|Vote for the hair.|
Warning: this review features INTENSE FAWNING.
First, let me be clear: The Iron Lady is not a spin-off of Iron Man, although if it were, Meryl Streep would have us all convinced that a woman in her 60's can and will invent a suit of iron, get in it, and blast bad guys to smithereens, all while being attractively conflicted about her own role in the military-industrial complex, and sporting a devil-may-care attitude to hide her intense attraction to her loyal secretary.
...Excuse me, I must now write that screenplay.
(type type type)
All kidding aside, I went into The Iron Lady with no preconceptions and came out bloody moved. (Full disclosure: I was not yet born when she became Britain's first female Prime Minister, and I was a little kid during her days of ultimate power and glory.) The film is a loving answer to the question: what happens after power? What is it like for the formidable Lady Thatcher in her twilight days? Unlike the woman in the bathroom after the movie who opined that it "spent too much time in the now," I appreciated the creative glimpse into a strong woman's struggle with old age, powerful memories, and unfamiliar solitude.
Meryl Streep, as we all know, can earn a Best Actress nomination even if she played Optimus Prime in Transformers 4: Run Robot Run. At the recent Golden Globes, she was clearly surprised at winning the award, nearly jumping out of her chair when her victory finally sank in, and once again graciously thanking her fellow nominees for their excellent work. After watching this film, I am totally rooting for her to win the Oscar. Streep breathes fiery life into the woman who fought every day of her life to rise to the top, and fought every day since to enforce her principles, and then fought even after that to retain her sanity and make sense of a crazy, crazy world.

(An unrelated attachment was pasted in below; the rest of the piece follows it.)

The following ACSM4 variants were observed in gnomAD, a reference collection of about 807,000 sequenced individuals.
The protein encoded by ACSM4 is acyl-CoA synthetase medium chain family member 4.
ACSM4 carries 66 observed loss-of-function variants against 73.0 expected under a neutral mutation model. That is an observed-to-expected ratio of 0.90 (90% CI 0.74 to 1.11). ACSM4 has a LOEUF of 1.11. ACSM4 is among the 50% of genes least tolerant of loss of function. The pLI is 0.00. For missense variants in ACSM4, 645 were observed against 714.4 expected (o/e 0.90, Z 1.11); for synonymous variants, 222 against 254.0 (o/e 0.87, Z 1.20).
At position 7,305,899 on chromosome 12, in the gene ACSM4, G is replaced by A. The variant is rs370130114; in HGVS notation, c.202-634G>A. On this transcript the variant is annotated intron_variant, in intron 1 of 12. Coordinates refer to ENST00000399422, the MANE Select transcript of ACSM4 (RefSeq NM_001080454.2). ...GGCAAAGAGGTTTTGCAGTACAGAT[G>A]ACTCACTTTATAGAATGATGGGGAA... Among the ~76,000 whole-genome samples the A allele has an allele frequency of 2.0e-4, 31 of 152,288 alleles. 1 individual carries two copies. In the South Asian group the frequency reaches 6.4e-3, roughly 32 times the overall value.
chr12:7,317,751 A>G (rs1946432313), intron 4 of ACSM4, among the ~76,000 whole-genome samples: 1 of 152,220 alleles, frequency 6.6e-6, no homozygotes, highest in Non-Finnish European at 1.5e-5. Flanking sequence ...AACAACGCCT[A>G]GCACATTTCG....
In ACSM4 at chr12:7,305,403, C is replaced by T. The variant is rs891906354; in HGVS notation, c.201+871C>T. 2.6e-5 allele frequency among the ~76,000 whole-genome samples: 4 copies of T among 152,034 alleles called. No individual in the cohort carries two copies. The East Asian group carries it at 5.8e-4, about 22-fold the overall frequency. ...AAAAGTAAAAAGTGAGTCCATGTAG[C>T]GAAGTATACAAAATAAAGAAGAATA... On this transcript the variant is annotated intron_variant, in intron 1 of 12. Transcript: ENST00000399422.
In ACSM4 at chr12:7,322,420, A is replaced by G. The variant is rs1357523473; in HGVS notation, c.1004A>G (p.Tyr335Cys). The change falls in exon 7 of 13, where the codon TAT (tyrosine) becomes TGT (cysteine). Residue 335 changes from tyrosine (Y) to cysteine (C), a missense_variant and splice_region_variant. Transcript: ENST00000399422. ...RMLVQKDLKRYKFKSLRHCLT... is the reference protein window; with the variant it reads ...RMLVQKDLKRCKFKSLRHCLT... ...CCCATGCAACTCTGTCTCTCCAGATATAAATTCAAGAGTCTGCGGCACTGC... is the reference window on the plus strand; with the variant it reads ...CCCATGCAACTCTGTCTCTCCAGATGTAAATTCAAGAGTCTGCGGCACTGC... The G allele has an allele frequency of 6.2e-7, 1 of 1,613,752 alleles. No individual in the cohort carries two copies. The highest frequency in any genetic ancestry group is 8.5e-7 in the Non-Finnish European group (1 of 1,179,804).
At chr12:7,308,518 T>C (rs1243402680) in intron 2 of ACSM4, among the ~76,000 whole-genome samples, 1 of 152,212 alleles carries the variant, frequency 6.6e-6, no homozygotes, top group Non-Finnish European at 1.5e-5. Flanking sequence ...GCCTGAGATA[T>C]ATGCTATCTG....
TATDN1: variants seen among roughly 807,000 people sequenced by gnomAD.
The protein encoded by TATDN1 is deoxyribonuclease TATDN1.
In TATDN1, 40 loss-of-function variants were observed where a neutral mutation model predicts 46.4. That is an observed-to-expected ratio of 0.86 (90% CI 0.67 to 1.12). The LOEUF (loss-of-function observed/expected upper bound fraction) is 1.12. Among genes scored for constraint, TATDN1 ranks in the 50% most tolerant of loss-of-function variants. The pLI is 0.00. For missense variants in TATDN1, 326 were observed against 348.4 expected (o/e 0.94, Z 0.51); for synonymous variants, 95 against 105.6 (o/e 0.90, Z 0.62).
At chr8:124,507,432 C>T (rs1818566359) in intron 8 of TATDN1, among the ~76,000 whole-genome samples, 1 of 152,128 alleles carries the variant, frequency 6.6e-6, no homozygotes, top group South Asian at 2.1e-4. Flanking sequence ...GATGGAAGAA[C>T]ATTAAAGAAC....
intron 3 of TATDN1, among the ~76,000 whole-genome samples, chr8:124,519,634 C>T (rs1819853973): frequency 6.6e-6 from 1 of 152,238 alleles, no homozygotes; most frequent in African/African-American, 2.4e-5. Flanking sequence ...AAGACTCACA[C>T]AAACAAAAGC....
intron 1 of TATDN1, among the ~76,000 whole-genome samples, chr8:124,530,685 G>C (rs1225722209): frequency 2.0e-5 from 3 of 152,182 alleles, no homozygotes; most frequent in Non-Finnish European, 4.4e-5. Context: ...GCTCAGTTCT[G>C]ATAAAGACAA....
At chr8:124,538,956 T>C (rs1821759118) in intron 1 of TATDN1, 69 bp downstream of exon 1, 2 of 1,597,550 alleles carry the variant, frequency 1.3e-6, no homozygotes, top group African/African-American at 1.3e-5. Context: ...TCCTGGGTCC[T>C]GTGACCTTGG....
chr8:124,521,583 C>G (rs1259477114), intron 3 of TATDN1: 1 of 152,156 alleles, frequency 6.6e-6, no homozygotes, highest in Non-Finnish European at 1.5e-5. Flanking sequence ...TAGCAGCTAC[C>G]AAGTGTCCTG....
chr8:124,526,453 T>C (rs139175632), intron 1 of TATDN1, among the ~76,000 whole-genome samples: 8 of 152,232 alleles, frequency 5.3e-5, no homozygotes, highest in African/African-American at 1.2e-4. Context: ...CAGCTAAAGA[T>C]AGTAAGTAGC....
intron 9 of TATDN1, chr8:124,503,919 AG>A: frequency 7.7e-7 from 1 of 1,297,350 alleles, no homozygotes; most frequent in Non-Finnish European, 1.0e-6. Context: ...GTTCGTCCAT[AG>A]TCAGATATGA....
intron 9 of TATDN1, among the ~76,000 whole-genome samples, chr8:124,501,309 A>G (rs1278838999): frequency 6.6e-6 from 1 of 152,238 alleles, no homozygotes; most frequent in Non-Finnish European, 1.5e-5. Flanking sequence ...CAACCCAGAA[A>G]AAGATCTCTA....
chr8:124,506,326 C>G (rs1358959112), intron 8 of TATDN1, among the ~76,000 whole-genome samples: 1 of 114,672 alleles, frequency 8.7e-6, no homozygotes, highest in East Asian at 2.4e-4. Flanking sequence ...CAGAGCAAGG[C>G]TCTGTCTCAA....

Gosh, and the makeup! It was spectacular and complemented Streep's flawless performance. That old lady face deserves a prize, too. The music was also terrific, and the supporting cast -- most notably darling Jim Broadbent and Alexandra Roach as the young Maggie -- were superlative.
Did I cry like a baby near the end? You bet I did. Of course, I also secretly wept at the trailer about a town in Alaska saving three whales, it starred Drew Barrymore and it was called Big Fishies or something, so perhaps my emotional reaction is not, er, a good standard for judging a film's impact and merit. But if this was Streep's campaign, she's got my vote.
Insert clever closing line here, I'm exhausted from all the fawning.